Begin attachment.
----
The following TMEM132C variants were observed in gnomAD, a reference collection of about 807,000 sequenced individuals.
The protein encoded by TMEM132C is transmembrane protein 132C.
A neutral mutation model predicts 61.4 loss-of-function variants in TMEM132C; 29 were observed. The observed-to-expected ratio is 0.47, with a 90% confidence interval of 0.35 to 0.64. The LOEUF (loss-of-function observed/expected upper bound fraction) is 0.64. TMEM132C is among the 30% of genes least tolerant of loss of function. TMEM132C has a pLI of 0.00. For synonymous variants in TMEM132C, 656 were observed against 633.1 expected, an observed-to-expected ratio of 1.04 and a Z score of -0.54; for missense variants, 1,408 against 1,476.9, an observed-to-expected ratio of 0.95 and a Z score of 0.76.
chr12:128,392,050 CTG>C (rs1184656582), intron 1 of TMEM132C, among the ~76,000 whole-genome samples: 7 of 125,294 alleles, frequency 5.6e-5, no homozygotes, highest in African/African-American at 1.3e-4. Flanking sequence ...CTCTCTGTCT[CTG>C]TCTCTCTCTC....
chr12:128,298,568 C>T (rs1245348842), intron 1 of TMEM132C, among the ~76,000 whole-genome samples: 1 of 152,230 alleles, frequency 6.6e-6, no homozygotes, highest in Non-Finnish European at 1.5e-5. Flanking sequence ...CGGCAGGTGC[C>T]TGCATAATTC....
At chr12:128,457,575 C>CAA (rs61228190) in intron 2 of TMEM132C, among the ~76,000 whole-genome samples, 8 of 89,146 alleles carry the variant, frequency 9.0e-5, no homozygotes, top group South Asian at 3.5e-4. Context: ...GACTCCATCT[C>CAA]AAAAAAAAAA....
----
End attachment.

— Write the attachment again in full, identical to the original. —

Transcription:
The following TMEM132C variants were observed in gnomAD, a reference collection of about 807,000 sequenced individuals.
The protein encoded by TMEM132C is transmembrane protein 132C.
A neutral mutation model predicts 61.4 loss-of-function variants in TMEM132C; 29 were observed. The observed-to-expected ratio is 0.47, with a 90% confidence interval of 0.35 to 0.64. The LOEUF (loss-of-function observed/expected upper bound fraction) is 0.64. TMEM132C is among the 30% of genes least tolerant of loss of function. TMEM132C has a pLI of 0.00. For synonymous variants in TMEM132C, 656 were observed against 633.1 expected, an observed-to-expected ratio of 1.04 and a Z score of -0.54; for missense variants, 1,408 against 1,476.9, an observed-to-expected ratio of 0.95 and a Z score of 0.76.
chr12:128,392,050 CTG>C (rs1184656582), intron 1 of TMEM132C, among the ~76,000 whole-genome samples: 7 of 125,294 alleles, frequency 5.6e-5, no homozygotes, highest in African/African-American at 1.3e-4. Flanking sequence ...CTCTCTGTCT[CTG>C]TCTCTCTCTC....
chr12:128,298,568 C>T (rs1245348842), intron 1 of TMEM132C, among the ~76,000 whole-genome samples: 1 of 152,230 alleles, frequency 6.6e-6, no homozygotes, highest in Non-Finnish European at 1.5e-5. Flanking sequence ...CGGCAGGTGC[C>T]TGCATAATTC....
At chr12:128,457,575 C>CAA (rs61228190) in intron 2 of TMEM132C, among the ~76,000 whole-genome samples, 8 of 89,146 alleles carry the variant, frequency 9.0e-5, no homozygotes, top group South Asian at 3.5e-4. Context: ...GACTCCATCT[C>CAA]AAAAAAAAAA....